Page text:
twiceAnd am so clear too of all other vice." k. POPE - Moral Essays. Ep. III.

Line 365.

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Now, if you can blush, and cry guilty, car

dinal, You'll show a little honesty. Henry VIII. Act III. Sc. 2.

Soft, I did but dream. O coward conscience, how dost thou afflict

me ! y

Richard III. Act V. Sc. 3.




The drying up a single tear has more
Of honest fame, than shedding seas of gore.

k. BYRON-Don Juan. Canto VIII. St. 3.

God has commanded time to console the un

happy. 1. JOUBERT


The worm of conscience still be-gnaw thy

soul! Thy friends suspect for traitors whilst thou

liv'st, And take deep traitors for thy dearest


Richard III. Act I. Sc. 3. Thus conscience does make cowards of us

all; And thus the native hue of resolution Is sicklied o'er with the pale cast of thought. b. Hamlet. Act III. Sc. 1.

Trust that man in nothing, who has not a conscience in everything.

STERNE— Tristram Shandy. Ch. XVII. Labor to keep alive in your breast that little spark of celestial fire, called Conscience. d. Geo. WASHINGTON— Moral Maxims.

Virtue and Vice. Conscience.


Empty heads console with empty sound.
POPE-- The Dunciad. Bk. IV.

Line 542.
Grief is crowned with consolation.
Antony and Cleopatra. Act. I. Sc. 2.

I will be gone; That pitiful rumour may report my flight, To consolate thine ear. All's Well That Ends Well. Act III.

Sc. 2.



A stirring dwarf we do allowance give
Before a sleeping giant.

e. Troilus and Cressida. Act II. Sc. 3. Consideration like an angel came, And whipp'd the offending Adam out of

Leaving his body as a paradise,
To envelope and contain celestial spirits.

f Henry V. Act I, Sc. 1.
What you have said,
I will consider; what you have to say,
I will with patience hear; and find a time
Both meet to hear and answer.

g. Julius Cæsar. Act I, Sc. 2.


Conspiracies no sooner should be formed
Than executed.
p. ADDISON-Cato. Act I. Sc. 2.

I had forgot that foul conspiracy
Of the beast Caliban, and his confederates,
Against my life.
9. Tempest. Act IV. Sc. 1.

O conspiracy! Sham'st thou to show thy dang’rous brow by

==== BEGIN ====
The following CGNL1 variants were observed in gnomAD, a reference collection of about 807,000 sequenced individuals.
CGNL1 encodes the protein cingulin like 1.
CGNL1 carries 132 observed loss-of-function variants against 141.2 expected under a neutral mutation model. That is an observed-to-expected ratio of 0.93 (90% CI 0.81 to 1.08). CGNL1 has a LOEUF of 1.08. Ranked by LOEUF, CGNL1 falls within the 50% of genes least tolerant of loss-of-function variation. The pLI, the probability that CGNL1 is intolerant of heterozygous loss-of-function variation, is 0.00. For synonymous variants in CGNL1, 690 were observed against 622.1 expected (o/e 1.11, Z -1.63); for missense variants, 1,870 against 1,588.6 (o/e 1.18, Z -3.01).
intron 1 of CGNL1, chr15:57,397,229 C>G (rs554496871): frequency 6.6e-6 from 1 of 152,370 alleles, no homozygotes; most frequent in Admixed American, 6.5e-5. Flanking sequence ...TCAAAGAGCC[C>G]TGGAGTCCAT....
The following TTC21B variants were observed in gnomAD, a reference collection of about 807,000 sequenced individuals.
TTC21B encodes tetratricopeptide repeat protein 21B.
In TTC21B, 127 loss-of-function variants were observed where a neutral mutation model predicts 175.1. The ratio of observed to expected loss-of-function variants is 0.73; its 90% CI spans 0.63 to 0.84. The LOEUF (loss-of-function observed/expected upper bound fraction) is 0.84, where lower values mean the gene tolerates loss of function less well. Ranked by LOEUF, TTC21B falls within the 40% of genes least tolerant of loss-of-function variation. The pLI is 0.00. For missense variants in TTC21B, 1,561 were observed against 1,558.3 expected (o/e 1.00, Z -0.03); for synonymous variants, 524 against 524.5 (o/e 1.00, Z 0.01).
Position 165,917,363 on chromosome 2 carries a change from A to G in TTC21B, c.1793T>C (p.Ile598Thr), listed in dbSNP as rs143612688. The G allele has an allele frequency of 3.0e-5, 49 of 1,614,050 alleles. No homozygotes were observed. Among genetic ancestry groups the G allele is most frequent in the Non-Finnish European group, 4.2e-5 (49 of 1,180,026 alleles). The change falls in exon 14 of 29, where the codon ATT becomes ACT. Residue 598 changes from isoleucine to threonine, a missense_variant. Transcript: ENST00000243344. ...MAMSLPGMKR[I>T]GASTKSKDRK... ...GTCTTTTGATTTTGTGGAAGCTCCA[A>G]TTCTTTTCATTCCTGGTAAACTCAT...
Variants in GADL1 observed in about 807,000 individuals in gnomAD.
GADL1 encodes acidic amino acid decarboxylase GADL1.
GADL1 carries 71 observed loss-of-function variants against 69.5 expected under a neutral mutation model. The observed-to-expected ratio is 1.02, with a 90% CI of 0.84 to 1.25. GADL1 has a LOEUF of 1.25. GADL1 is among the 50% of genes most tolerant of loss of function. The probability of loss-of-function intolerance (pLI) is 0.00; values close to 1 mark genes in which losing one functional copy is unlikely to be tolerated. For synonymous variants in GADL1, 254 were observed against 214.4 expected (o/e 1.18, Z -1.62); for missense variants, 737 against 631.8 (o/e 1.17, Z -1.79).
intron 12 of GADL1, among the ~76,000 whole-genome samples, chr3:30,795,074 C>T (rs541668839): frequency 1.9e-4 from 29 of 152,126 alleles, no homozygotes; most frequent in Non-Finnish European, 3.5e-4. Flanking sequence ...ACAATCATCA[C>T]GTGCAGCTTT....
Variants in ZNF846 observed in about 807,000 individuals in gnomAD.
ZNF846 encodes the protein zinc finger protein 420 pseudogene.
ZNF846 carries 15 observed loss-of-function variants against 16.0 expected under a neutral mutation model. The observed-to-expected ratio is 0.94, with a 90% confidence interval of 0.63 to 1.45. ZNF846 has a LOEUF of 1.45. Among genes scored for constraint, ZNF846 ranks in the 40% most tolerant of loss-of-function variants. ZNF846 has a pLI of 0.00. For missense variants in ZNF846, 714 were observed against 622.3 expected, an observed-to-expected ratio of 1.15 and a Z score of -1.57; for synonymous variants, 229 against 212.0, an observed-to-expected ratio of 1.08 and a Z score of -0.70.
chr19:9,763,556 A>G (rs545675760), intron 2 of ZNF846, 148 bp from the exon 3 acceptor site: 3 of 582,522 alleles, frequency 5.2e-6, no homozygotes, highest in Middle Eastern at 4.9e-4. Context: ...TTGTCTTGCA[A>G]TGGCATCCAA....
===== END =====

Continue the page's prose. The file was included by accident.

When evils are most free?

Julius Cæsar. Act II. Sc. 1.
Open-eye Conspiracy
His time doth take.
Tempest. Act II. Sc. 1. Song.

Take no care Who chafes, who frets, and where conspirers

are: Macbeth shall never vanquish'd be.

t. Macbeth. Act IV. Sc. 1. Thou dost conspire against thy friend, Iago, If thou but think'st him wrong'd, and mak'st

his ear As stranger to thy thoughts.

Othello. Act III. Sc. 3.

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CONSISTENCY. Of right and wrong he taught Truths as retin'd as eves Athens heard ; And, strange to tell, he practic'd what he

preached. k JOHN ARMSTRONG—Art of Preserving

Health. Bk. IV. Line 302. Tush! tush! my lassie such thoughts re

signe, Comparisons are cruele: Fine pictures suit in frames as fine Consistencie's a jewell. For thee and me coarse cloathes are best Rude folks in homelye raiment drest Wife Joan and goodman Robin. i. Jolly Robyn-Roughhead. From Mur

tagh's Collection of Scotch Ballads, Pub. in 1754. (Doubted.)

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CONSOLATION. All are not taken! there are left behind Living Beloveds, tender looks to bring, And make the daylight still a happy thing, And tender voices, to make soft the wind. 1. E. B. BROWNING--Consolation.

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I could be well nerv'd if I were as you;
If I could pray to move, prayers would move

But I am constant as the northern star
Of whose true fix'd and resting quality
There is no fellow in the firmament.

3. Julius Cæsar. Act III. Sc. 1.


If ever thou shalt love, In the sweet pangs of it remember me; For such as I am all true lovers are: Unstaid and skittish in all motions else, Save in the constant image of the creature That is belov'd.

h. Twelfth Night. Act II. Sc. 4.

CONTEMPLATION. The act of contemplation then creates the thing contemplated. ISAAC DISRAELI - Literary Character.

Ch, XII. But first, and chiefest, with thee bring Him that yon soars on golden wing, Guiding the fiery-wheeled throne, The cherub Contemplation. MILTON-11 Penseroso. Line 51.

In discourse more sweet, For Eloquence the Soul, Song charms the

sense, Others apart sat on a hill retired, In thoughts more elevate, and reasoned high Of Providence, Foreknowledge, Will and

Fate, Fixed fate, free will, foreknowledge absolute; And found no end, in wand'ring mazes lost. t. MILTON - Paradise Lost. Bk. II.

Line 555. Contemplation makes a rare turkey.cock of

him! how he jets Under his advanced plumes!

Twelfth Night. Act II. Sc. 5.
When holy and devout religious men
Are at their beads, 'tis hard to draw them

So sweet is zealous contemplation.

Richard III. Act III. Sc. 7.

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O constancy, be strong upon my side!
Set a huge mountain 'tween my heart and

tongue! I have a man's mind, but a woman's might.

k. Julius Cæsar. Act II. Sc. 4.